Simple answer: Housing prices (not included in CPI inflation) have bottomed out.

  4. 4 TravisV June 7, 2013 at 3:00 pm

    Frank,

    Your theory seems doubtful. Shouldn’t a bottom in housing result in increased expectations of future core inflation?

  5. 5 Frank Restly June 7, 2013 at 3:16 pm

    TravisV,

    Housing prices are not included in either headline or core CPI inflation. Instead owner’s equivalent rent is used. Owner’s equivalent rent is calculated based upon rental costs. And so if more people are buying houses and fewer are renting, that would put downward pressure on the CPI (the inflation component of TIPs).

  6. 6 TravisV June 7, 2013 at 7:28 pm

    Frank,

    Whoops, thanks for setting me straight. I was thinking of some kind of positive wealth effect from higher home prices that motivates people to buy more stuff. But as you point out, that factor is probably outweighed by lower rental rates.

  7. 7 Blue Aurora June 7, 2013 at 10:01 pm

    Speaking of that working paper on the Fisher Effect…I still think you might want to give reference to an article detailing the history behind it, David Glasner. In case you weren’t aware, Robert W. Dimand and Rebecca G. Betancourt had an article on the history behind the Fisher Effect published in an issue of the Journal of Economic Perspectives in 2010.

    http://www.aeaweb.org/articles.php?doi=10.1257/jep.26.4.185

    As for whether the American economy as a whole is finally making a solid and strong recovery (and not to mention the global economy at large)…it’s stil too early to say. While the stock market might genuinely be signalling a strong recovery, I can be overly cautious, and by the time I realise that the recovery in America is finally turning solid and for real, it shall be too late.

  8. 8 Benjamin Cole June 8, 2013 at 2:40 am

    In those perilous conditions, the normal equilibrating process, by which the nominal rate adjusts to reflect changes in inflation expectations, becomes inoperative, because the nominal rate gets stuck at zero. In that unstable environment, the only avenue for adjustment is in the market for assets. In particular, when the expected yield from holding money (the expected rate of deflation) approaches or exceeds the expected yield on real capital, asset prices crash as asset owners all try to sell at the same time, the crash continuing until the expected yield on holding assets is no longer less than the expected yield from holding money. Of course, even that adjustment mechanism will restore an equilibrium only if the economy does not collapse entirely before a new equilibrium of asset prices and expected yields can be attained, a contingency not necessarily as unlikely as one might hope.–DG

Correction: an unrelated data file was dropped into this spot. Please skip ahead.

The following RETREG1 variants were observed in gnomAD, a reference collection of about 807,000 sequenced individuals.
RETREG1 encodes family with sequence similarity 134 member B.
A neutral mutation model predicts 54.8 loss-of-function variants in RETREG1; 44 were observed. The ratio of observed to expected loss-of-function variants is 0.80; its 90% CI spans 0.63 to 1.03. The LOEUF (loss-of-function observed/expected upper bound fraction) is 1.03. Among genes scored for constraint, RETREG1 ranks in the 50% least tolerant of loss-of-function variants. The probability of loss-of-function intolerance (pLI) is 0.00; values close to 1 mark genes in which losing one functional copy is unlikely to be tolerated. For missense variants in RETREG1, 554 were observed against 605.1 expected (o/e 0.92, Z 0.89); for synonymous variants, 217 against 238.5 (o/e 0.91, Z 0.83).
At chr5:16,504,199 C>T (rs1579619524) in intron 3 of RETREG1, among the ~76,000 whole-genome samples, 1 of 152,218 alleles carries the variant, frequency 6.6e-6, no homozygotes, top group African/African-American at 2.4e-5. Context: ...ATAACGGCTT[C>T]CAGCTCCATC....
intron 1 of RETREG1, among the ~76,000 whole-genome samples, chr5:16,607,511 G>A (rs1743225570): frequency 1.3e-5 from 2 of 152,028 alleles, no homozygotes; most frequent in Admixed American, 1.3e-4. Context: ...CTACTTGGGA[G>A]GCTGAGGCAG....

Brilliant blogging. This is right!

    But! That is why the Fed has to be very aggressive in pushing for growth now. It has to pour it on, and say it will pour it on, and then pour it on some more, and say it will pour it on some more. This could take years of QE.

    Glasner explains why it may be dangerous to have such a low inflation target. At 2 percent, then comes along a recession, and we find ourselves at zero bound, and soon cash is worth holding, and all asset prices are plunging, and banks see their loans going sour and stop lending…I think it is called 2008. It is hard to be an alarmist when that actual scenario already happened…

    I wonder if a 3 percent inflation target is better. Really, what is the peevish fixation on minute rates of inflation…I think you have to be a Phd economist to give a hoot whether inflation is at 3 percent or 2 percent…..

    I find prosperity is a better life than monetary asceticism…..can we just have some boom times and Fat City?

  9. 9 Neoliberal June 8, 2013 at 7:29 am

    George Selgin model say that you can have deflation and at the same time the economy doesn’t feel pain.

  10. 10 Diego Espinosa June 8, 2013 at 9:24 am

    David,
    You raise some good questions. The “rising optimism” explanation for real rates is congruent with recent stock market moves. However, that thesis fails to account for the last four years of rising stocks and falling real rates.

    Further, there seems little actual evidence to support the “optimism” explanation. Global growth is slowing. The data in the U.S. has been decidedly mixed: We have better consumer sentiment, a slight pick up in job growth, and a housing bounce. These are offset by a sub-50 ISM, falling manufacturing employment, flat hours worked, flat durables orders YTD, etc. Indexes of “macro data surprises” have been consistently falling for months. We are focused on expectations, but clearly, nothing in the incoming data supports a dramatic change–a tipping point–in expectations versus the past four years of falling real rates.

    Conclusion: The data does not fit with most broad economic theses regarding the real rate.

  11. 11 Nathan Tankus June 12, 2013 at 5:04 pm

    The answer seems obvious to me: both have been stoked by what’s happening in monetary policy and after all this time speculators have realized that QE doesn’t impact the stock market in any way other then effecting the expectations of the speculators themselves.


  1. 1 What Gives? Has the Market Stopped Loving Inflation? | Fifth Estate Trackback on June 7, 2013 at 12:36 pm
  2. 2 TheMoneyIllusion » Recent links Trackback on June 10, 2013 at 7:25 am
  3. 3 News Flash: Real Interest Rates Are Turning Positive! | Uneasy Money Trackback on June 10, 2013 at 2:36 pm
  4. 4 Markets in Confusion | Uneasy Money Trackback on June 12, 2013 at 7:36 pm

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About Me

David Glasner
Washington, DC

I am an economist at the Federal Trade Commission. Nothing that you read on this blog necessarily reflects the views of the FTC or the individual commissioners. Although I work at the FTC as an antitrust economist, most of my research and writing has been on monetary economics and policy and the history of monetary theory. In my book Free Banking and Monetary Reform, I argued for a non-Monetarist non-Keynesian approach to monetary policy, based on a theory of a competitive supply of money. Over the years, I have become increasingly impressed by the similarities between my approach and that of R. G. Hawtrey and hope to bring Hawtrey's unduly neglected contributions to the attention of a wider audience.